Foul Speech Now the Norm in White House?

Bruce Chapman
Discovery News
March 1, 2013
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We all have noticed the progressive sector's attack on dissenters in the media ranks, on almost any issue, but especially lately on the sequester. First it was Woodward, then Lanny Davis, next Ron Fournier. But what interests me most about Fournier is his statement in The National Journal that foul speech and attempted intimidation have become emblematic of the Obama White House.

Is it true? Does anyone care? Do we still think that presidents and their staffs set a model for the country, especially children?

 

Fournier now publicly says he has become disgusted with the foul language and high handed tone of a White House aide with whom he had a long off-the-record email journalistic relationship, and so he cut the contact off. That is a serious choice for a journalist to make, yet he did it. "As editor-in-chief of National Journal," he says, "I received several e-mails and telephone calls from this White House official filled with vulgarity, abusive language, and virtually the same phrase that Politico characterized as a veiled threat."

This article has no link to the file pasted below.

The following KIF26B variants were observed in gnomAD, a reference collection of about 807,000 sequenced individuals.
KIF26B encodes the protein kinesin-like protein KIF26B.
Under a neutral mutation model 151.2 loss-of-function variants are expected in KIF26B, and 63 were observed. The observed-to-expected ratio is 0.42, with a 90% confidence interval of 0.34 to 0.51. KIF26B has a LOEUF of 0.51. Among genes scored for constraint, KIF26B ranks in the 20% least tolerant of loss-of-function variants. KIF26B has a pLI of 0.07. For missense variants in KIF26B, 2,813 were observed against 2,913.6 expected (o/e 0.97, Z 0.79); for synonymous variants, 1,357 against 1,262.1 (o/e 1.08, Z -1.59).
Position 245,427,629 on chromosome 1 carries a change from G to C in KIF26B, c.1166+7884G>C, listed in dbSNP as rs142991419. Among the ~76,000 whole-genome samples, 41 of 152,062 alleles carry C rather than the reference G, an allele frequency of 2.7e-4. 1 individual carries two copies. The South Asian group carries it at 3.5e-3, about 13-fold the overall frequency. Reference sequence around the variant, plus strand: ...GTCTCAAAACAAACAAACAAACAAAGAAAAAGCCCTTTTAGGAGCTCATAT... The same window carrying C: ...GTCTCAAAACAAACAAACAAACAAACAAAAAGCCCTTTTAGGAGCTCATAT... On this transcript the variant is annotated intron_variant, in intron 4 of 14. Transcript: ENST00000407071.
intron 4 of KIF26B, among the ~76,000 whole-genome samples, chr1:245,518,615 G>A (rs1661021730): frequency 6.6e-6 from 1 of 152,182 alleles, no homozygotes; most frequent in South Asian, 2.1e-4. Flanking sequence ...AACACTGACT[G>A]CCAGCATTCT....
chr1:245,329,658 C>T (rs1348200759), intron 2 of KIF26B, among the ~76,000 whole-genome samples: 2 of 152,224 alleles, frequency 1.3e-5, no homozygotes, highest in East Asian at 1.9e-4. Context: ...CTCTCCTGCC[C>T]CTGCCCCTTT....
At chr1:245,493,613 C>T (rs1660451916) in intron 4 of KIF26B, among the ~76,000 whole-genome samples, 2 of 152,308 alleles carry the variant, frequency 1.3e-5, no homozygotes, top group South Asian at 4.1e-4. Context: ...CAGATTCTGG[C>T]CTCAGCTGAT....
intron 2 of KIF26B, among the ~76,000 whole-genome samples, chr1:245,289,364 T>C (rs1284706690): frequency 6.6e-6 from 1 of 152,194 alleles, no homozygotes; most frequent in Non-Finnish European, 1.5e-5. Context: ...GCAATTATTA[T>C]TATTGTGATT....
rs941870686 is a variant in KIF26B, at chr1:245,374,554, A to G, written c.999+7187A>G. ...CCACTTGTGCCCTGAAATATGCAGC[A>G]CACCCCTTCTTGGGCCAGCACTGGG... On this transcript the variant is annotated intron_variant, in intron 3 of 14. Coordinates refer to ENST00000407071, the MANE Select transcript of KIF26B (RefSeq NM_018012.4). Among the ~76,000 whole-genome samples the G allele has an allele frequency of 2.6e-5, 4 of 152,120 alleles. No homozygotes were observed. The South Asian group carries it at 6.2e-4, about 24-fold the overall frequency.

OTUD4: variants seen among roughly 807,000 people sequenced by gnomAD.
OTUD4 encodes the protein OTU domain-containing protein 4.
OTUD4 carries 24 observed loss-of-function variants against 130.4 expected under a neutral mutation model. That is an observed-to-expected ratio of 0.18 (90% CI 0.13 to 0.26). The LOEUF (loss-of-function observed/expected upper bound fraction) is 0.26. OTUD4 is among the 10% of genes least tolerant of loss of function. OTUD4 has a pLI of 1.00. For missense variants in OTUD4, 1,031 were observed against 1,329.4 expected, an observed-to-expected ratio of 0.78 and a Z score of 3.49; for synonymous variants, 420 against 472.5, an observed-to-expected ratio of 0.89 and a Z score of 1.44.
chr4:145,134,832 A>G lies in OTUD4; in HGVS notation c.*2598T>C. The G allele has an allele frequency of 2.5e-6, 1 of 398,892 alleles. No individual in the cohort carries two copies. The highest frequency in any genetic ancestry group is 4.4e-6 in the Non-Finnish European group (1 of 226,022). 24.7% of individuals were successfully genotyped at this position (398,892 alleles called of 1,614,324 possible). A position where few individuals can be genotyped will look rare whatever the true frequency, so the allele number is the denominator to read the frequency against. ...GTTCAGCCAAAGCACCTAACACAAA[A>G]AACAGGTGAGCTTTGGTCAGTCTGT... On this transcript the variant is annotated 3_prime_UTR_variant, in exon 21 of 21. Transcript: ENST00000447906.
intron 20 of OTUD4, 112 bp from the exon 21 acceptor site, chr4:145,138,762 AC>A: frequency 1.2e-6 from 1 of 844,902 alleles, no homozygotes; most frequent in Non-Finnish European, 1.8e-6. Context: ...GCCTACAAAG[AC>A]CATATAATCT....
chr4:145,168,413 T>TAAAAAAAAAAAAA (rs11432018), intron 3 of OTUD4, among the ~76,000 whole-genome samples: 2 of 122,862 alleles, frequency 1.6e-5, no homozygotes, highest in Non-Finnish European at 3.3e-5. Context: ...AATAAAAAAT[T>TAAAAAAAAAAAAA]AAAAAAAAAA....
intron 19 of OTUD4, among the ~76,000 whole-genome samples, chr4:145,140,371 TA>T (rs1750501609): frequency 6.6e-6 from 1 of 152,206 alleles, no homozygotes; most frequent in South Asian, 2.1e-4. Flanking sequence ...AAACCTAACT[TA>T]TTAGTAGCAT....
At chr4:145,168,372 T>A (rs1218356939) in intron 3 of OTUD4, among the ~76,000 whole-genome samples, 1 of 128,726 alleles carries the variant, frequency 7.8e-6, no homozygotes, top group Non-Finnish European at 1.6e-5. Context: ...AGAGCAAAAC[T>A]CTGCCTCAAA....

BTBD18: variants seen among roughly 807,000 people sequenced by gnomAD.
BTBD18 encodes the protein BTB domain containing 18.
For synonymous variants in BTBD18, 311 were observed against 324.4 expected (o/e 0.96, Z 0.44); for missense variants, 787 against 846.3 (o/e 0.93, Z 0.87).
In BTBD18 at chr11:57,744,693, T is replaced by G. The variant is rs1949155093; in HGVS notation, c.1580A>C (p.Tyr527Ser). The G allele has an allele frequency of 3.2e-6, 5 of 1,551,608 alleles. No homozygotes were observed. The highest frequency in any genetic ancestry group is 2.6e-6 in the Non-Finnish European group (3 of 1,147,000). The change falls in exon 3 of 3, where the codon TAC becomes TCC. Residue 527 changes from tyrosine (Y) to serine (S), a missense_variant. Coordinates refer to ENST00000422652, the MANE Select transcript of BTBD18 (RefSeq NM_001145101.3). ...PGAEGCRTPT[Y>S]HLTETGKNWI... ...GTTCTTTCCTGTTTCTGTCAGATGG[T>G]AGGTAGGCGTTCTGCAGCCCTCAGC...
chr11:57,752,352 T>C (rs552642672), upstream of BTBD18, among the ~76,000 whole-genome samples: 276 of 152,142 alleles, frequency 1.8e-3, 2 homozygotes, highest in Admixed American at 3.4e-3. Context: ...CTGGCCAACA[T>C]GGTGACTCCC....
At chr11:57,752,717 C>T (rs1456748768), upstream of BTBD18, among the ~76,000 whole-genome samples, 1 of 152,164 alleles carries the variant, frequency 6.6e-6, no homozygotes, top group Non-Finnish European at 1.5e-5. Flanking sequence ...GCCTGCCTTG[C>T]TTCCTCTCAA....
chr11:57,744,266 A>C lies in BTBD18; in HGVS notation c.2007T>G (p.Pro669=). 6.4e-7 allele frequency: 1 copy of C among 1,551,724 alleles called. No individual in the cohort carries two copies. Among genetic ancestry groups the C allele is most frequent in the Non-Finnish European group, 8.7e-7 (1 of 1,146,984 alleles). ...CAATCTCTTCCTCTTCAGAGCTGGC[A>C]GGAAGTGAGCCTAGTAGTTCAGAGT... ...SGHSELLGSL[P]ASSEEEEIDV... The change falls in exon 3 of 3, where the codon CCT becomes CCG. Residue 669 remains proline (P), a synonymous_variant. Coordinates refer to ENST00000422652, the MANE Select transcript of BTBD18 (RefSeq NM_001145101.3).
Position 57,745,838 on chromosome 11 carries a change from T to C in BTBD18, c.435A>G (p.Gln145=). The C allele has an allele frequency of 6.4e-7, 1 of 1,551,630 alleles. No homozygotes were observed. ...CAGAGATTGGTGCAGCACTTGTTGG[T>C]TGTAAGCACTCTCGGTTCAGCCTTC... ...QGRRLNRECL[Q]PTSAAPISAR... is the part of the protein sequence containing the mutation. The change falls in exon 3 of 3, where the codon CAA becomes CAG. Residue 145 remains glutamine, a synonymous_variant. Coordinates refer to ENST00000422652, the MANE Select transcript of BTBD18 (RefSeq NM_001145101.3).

This reminded me of the film Zero Dark Thirty. Coming out of it I commented to my wife that it seemed incredibly authentic, except that the constant vulgarity of the language, including that of the White House staffer represented on screen, seemed unrealistic to me. Maybe the film makers were trying too hard to appear macho.

Let me put it this way, I know Richard Nixon swore, probably as a way to establish authority and what he supposed was a regular guy reputation, but that was not the case with Gerald Ford, Jimmy Carter, or, for sure, Ronald Reagan.

In the Reagan White House, where I served two years, as well as in other posts in his Administration, I seldom heard swearing. In the official culture that then obtained it would not have been seen as respectful of the office. One has a sense of awe about the White House in particular and swearing and vulgarity seem manifestly out of place there. Instead, they reflect what my father always said about swearing. It isn't just sacrilegious and crass, it's also a sign of mental laziness and imprecise thinking. We've all engaged in it at times, I suppose, but it's not cool, it's stupid.

Times change, though, don't they? Maybe they have changed in the White House.